Friday, Aug 20–New Taxi Medallion System Raises Off-Season Questions

final payments for the taxi medallions came in this week, the town started
looking ahead to how the new medallion system was going to impact the annual
scaling back of cab fleets on Ocean City’s streets.

Each year, after the
tourists leave town and the population deflates from Maryland’s third largest
city to a small town once again, cab companies, just like many other local
businesses, start to scale back their workforce and their deployments on the
roads, since there isn’t enough business to sustain all the cabs that were on
the road in the summer months.

Historically, many cab
companies simply took those cars off the road, cancelled the insurance policies
on those cars and turned in their tags until the following April, when they
would get that car inspected and licensed through the city.

Now, with the new
medallion law in place, cabbies are uncertain what the city will require them
to do, since the law clearly states that a purchased medallion must be attached
to a car that is on the road.

“When the medallion sale
happened in March, there were some companies that didn’t buy as many as they
were entitled to because they didn’t believe that they could take them off the

road,” said Classic Taxi owner Christy Freeman.  “For instance, one owner only bought five when he was entitled to

seven because he knew that he couldn’t sustain seven cars on the road all year

City Clerk Kathy Mathias
said on Wednesday that the town is trying to figure out how the off-season is
going to look in regards to the taxi industry, but she said she believes that
it will be a simple fix.

“The code allows for the
medallions to be turned into the city while the cars are off the road, but the
city will simply hold the medallions for the companies until April when they
get their cars re-inspected and they pay their renewal fees for their
medallions,” said Mathias.

Freeman said that she
and others in the industry were notified of the town’s new off-season strategy
and says it’s just another example of the town “making the rules up as they go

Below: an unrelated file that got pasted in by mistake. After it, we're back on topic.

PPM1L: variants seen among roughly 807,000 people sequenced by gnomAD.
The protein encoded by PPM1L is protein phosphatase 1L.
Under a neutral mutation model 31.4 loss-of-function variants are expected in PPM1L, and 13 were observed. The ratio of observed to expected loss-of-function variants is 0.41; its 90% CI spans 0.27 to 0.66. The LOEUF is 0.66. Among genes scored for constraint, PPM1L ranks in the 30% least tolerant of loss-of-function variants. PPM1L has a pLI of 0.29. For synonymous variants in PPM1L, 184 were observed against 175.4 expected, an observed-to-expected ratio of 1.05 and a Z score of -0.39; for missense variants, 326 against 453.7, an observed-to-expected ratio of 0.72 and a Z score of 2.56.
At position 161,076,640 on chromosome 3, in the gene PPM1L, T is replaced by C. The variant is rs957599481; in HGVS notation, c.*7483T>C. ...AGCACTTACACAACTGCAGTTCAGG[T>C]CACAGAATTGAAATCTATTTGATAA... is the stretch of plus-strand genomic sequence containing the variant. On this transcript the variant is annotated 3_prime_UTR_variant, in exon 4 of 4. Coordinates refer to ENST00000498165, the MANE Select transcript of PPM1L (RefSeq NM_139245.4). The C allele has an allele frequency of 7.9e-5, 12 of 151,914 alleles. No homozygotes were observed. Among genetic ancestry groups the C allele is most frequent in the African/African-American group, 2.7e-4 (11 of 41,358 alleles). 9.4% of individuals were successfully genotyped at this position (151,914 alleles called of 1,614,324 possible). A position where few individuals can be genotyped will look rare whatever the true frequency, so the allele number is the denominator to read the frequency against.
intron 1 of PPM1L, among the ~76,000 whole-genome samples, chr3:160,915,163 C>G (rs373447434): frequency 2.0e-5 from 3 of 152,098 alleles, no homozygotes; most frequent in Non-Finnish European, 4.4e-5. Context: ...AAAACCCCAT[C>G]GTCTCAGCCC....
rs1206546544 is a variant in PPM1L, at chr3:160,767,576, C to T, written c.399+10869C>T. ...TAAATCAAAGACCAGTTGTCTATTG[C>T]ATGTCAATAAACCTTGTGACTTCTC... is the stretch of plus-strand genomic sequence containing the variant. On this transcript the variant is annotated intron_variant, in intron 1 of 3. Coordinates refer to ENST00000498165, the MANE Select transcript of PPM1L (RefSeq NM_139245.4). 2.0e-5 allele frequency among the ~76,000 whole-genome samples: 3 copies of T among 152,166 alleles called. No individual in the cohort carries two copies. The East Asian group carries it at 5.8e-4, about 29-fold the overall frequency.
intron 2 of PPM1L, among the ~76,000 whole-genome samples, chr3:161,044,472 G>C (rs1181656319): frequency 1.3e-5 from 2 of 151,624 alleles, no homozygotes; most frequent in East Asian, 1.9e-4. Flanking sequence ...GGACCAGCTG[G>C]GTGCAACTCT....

“The way it was
explained to us when we bought them was that whatever you buy as far as
medallions go, you have to sustain them year round,” said Freeman. “So, for
them to change their mind once again is just unfair and wrong.”

Mathias reported that
once the final payments came in, the town made $265,525 total from the taxi
medallion law, and will make about $85,000 annually from renewal fees based on
the $500 fee for the 170 medallions that are on the proverbial road currently.

In March, the town sold
175 medallions, but seized five since then, and will be holding them until a
later date.

“Most of the medallions
we took back were because people couldn’t get the cars on the road in time,
except for the very public one that was taken back from the fraudulent
transaction between Classic and Century Taxi,” said Mathias.

Freeman and Century
owner Ken Hovance had transferred a medallion for $1 in April, but the council
found it to be a fraudulent transaction, and deemed the move as a blatant
attempt to slap the city in the face since the city is supposed to get 25% of
each transfer fee.

As a result, the council
voted to ensure a minimum requirement for a transfer fee (for the city’s take)
at $500.

Mathias said that 60
percent of the medallion money was allotted to last fiscal year in the sum of
$157,500 with the remaining 40 percent of that money (or $105,000) is set to be
put into the current fiscal year budget.